But many experts believe better options are coming: They expect research on stem cells to bring about a revolution in care for heart disease patients.
Stanford’s heart history
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A new study by researchers at the School of Medicine could help pinpoint ways to counter the effects of the antibiotics-driven depletion of friendly, gut-dwelling bacteria. MORE . . .
Itís like a mini spa. Mice enjoying frequent dips in a lukewarm, dilute bleach solution emerge not only fluffy and squeaky clean, but also (after two weeks of daily treatment) with thicker, more-elastic skin on their bellies. MORE . . .
Slavery, colonization and immigration. The Caribbean has been a busy place for the past several hundred (and thousands) of years. Geneticists Andres Moreno-Estrada, MD, PhD, and Carlos Bustamante, PhD, recently dove into this melting pot in an attempt to discern exactly how much of human history remains stored in the modern-day genes. MORE . . .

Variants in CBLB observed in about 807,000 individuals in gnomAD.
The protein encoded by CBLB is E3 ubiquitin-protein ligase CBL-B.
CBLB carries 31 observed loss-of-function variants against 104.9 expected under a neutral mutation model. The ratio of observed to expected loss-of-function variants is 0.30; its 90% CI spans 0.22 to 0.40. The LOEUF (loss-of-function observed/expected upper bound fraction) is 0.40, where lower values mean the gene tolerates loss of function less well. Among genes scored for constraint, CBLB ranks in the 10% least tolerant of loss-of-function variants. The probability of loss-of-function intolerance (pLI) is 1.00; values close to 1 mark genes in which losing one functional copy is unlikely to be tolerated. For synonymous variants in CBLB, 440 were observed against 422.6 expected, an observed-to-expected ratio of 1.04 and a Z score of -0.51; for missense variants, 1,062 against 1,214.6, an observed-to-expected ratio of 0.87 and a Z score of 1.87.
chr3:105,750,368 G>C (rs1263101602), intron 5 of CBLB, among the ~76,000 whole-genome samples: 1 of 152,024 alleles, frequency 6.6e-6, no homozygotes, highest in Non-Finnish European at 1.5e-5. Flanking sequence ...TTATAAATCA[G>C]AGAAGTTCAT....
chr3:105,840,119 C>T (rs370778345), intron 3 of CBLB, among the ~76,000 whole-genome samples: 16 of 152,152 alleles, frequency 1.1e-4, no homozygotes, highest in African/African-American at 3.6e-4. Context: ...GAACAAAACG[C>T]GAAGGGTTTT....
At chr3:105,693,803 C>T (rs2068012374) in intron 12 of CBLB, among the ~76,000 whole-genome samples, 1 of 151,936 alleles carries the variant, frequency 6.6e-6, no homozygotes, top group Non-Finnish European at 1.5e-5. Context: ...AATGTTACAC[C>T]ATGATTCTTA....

In a feat of modern-day alchemy with huge potential for regenerative medicine, Gary Peltz, MD, PhD, and his colleagues have developed a fast, efficient way to turn cells extracted from routine liposuction into liver cells. MORE . . .
David Relman, MD, professor of medicine and of microbiology and immunology, and his colleagues have revealed that formerly overlooked sites deep inside the nose can be reservoirs for Staphylococcus aureus, a major bacterial cause of disease. MORE . . .
Women, if youíve ever thought the men in your life were trying to kill you, you could be right. That is, if youíre a roundworm. MORE . . .
Is Down syndrome a stem-cell-associated disease? Recent research published in Nature by cancer biologist and stem cell expert Michael Clarke, MD, suggests that it could be ó at least in part. MORE . . .
A Stanford center focused on accelerating the translation of medical research from bench to bedside will receive $45.3 million over four and a half years from the National Institutes of Health. MORE . . .